Eggs of an hour, bread of a day, wine of a year, but a friend of thirty years is best.  161
  Egli ha fatto il male, ed io mi porto la pena—He has done the mischief, and I pay the penalty.  162
  Egli vende l’uccello in su la frasca—He sells the bird on the branch.  163
  Egli venderebbe sino alla sua parte del sole—He would sell even his share in the sun.  164
  Even a fly has its spleen.  165
  Even a frog would bite if it had teeth.  166
  Even among the apostles there was a Judas.  167
  Even foxes are outwitted and caught.  168
  Even the just man has need of help.  169
  Fa bene, e non guardare a chi—Do good, no matter to whom.  170
  Fammi indovino, e ti farò ricco—Make me a prophet, and I will make you rich.  171
  Fatta la legge, trovata la malizia—As soon as a law is made its evasion is found out.  172
  Fear guards the vineyard.  173
  Fidarsi è bene, ma non fidarsi è meglio—To trust one’s self is good, but not to trust one’s self is better.  174
  Fidati era un buon uomo, Nontifidare era meglio—Trust was a good man, Trust Not was a better.  175
  Follow the wise few rather than the vulgar many.  176
  For an honest man half his wits are enough; for a knave, the whole are too little.  177
  For the buyer a hundred eyes are too few, for the seller one is enough.  178
  Forte è l’aceto di vin dolce—Strong is vinegar from sweet wine.  179
  Freno indorato non megliora il cavallo—A golden bit, no better a horse.  180
  Friar Modest never was prior.  181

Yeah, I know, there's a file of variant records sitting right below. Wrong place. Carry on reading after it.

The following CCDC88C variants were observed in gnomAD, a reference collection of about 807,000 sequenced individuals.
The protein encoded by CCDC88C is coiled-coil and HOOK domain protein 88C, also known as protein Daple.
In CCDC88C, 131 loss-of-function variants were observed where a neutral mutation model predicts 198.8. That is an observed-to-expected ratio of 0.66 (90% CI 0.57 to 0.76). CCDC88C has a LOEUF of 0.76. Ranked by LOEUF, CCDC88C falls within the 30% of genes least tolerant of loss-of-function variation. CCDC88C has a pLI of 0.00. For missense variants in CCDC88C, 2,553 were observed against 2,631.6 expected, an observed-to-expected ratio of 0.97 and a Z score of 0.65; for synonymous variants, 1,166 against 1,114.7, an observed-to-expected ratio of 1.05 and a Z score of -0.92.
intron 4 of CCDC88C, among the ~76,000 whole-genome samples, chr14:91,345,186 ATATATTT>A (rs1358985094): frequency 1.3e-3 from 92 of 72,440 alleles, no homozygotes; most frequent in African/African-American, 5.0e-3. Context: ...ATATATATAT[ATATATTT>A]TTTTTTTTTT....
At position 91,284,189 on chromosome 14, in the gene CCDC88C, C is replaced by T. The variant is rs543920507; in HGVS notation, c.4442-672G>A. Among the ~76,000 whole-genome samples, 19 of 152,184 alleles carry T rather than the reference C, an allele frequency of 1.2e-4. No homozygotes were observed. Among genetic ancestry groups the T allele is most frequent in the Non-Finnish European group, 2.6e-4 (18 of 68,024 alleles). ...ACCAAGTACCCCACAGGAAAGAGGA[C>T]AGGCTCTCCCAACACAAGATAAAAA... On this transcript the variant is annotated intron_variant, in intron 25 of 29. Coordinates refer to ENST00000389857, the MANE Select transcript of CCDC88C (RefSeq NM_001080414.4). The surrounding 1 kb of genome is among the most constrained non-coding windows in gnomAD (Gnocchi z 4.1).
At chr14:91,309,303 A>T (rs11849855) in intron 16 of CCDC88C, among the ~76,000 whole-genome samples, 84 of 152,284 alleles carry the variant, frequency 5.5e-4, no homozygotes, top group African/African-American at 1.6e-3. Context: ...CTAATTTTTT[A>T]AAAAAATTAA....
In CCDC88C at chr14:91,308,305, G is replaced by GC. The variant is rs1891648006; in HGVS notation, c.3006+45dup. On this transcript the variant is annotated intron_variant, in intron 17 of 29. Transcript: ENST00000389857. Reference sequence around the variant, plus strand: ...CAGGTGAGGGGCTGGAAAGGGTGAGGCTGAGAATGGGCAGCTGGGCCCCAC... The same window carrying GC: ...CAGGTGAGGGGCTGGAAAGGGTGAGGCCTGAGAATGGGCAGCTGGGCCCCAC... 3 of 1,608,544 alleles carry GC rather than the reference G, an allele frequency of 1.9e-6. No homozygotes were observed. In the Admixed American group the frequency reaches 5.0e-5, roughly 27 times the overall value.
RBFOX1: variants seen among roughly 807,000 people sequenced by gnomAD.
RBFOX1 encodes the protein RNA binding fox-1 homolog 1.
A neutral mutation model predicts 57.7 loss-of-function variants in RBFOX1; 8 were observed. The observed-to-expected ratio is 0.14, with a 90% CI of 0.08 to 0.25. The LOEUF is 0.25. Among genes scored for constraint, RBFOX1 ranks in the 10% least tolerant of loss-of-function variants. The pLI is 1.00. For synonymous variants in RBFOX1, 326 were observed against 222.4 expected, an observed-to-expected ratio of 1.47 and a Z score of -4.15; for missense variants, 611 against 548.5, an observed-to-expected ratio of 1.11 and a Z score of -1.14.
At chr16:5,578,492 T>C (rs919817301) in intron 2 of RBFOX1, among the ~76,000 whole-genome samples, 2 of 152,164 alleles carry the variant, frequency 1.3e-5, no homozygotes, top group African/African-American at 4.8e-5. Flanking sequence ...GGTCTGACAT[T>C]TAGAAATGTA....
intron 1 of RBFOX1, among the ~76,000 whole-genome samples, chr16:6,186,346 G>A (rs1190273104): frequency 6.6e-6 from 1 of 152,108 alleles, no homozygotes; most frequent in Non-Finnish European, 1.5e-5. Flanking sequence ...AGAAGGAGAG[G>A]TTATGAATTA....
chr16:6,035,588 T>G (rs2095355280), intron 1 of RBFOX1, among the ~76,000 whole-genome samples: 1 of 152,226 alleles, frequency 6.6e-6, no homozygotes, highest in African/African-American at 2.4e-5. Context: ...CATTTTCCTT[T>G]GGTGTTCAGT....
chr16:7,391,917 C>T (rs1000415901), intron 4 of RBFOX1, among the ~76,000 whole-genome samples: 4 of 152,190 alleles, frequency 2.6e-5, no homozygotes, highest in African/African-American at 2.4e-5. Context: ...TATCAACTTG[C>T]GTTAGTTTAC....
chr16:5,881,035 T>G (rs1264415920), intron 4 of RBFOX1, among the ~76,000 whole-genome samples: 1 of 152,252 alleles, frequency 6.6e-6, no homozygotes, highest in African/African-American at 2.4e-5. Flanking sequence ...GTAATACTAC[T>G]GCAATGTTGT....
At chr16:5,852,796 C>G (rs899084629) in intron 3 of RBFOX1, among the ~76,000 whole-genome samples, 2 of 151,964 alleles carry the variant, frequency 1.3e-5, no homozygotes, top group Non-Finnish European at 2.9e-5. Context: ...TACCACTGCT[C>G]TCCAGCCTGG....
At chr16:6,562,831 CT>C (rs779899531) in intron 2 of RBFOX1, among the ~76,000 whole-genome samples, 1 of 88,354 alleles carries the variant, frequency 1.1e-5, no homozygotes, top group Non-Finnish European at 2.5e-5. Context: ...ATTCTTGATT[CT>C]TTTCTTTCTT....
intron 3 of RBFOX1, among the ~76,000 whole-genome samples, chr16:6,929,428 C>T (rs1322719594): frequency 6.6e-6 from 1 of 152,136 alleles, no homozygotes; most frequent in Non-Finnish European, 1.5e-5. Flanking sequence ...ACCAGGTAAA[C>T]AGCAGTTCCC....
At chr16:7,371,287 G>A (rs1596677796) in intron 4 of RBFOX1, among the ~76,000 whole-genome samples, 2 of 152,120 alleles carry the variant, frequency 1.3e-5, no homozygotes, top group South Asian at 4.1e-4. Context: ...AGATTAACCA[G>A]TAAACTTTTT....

From the same flower the bee extracts honey and the wasp gall.  182
  Gifts are often losses.  183
  Giovine santo, diavolo vecchio—A young saint, an old devil.  184
  Gli alberi grandi fanno più ombra che frutto—Large trees yield more shade than fruit.  185
  Gli amici legano la borsa con un filo di ragnatelo—Friends tie their purses with a spider’s thread.  186
  Gli uomini alla moderna, e gli asini all’ antica—After the modern stamp men, and after the ancient, asses.  187
  Gli uomini fanno la roba, e le donne la conservano—Men make the wealth and women husband it.  188
  Gli uomini hanno gli anni che sentono, e le donne quelli che mostrano—Men are as old as they feel, and women as they look.  189
  God keep me from my friends; from my enemies I will keep myself.  190
  God sends meat and the devil sends cooks.  191
  God sends nothing but what can be borne.  192
  Gold’s worth is gold.  193
  Guardalo ben, guardalo tutto / L’uom senza danar quanto è brutto—Watch him well, watch him closely; the man without money, how worthless he is!  194
  Guardati da aceto di vin dolce—Beware of the vinegar of sweet wine.  195
  Guardati da chi non ha che perdere—Beware of him who has nothing to lose.  196
  Guardati dall’ occasione, e ti guarderà / Dio da peccati—Keep yourself from opportunities, and God will keep you from sins.  197
  Guerra cominciata, inferno scatinato—War begun, hell let loose.  198